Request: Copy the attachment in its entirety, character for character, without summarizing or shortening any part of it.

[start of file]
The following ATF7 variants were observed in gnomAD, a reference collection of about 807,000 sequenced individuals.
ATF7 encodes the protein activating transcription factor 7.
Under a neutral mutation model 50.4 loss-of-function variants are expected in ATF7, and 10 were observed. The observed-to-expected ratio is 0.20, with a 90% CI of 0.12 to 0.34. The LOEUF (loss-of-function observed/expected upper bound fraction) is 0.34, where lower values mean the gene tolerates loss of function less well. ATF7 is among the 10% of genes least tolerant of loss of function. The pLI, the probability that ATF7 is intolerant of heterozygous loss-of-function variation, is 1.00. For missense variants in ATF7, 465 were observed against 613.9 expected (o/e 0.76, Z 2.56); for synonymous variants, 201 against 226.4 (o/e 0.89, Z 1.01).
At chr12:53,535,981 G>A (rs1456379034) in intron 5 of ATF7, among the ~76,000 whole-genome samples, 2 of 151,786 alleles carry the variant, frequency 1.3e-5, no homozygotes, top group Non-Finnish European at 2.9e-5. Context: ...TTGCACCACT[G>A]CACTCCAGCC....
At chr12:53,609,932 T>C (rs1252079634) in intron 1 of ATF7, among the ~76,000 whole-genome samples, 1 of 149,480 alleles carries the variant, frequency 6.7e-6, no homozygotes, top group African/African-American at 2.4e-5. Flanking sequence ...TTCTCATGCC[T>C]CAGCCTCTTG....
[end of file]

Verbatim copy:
The following ATF7 variants were observed in gnomAD, a reference collection of about 807,000 sequenced individuals.
ATF7 encodes the protein activating transcription factor 7.
Under a neutral mutation model 50.4 loss-of-function variants are expected in ATF7, and 10 were observed. The observed-to-expected ratio is 0.20, with a 90% CI of 0.12 to 0.34. The LOEUF (loss-of-function observed/expected upper bound fraction) is 0.34, where lower values mean the gene tolerates loss of function less well. ATF7 is among the 10% of genes least tolerant of loss of function. The pLI, the probability that ATF7 is intolerant of heterozygous loss-of-function variation, is 1.00. For missense variants in ATF7, 465 were observed against 613.9 expected (o/e 0.76, Z 2.56); for synonymous variants, 201 against 226.4 (o/e 0.89, Z 1.01).
At chr12:53,535,981 G>A (rs1456379034) in intron 5 of ATF7, among the ~76,000 whole-genome samples, 2 of 151,786 alleles carry the variant, frequency 1.3e-5, no homozygotes, top group Non-Finnish European at 2.9e-5. Context: ...TTGCACCACT[G>A]CACTCCAGCC....
At chr12:53,609,932 T>C (rs1252079634) in intron 1 of ATF7, among the ~76,000 whole-genome samples, 1 of 149,480 alleles carries the variant, frequency 6.7e-6, no homozygotes, top group African/African-American at 2.4e-5. Flanking sequence ...TTCTCATGCC[T>C]CAGCCTCTTG....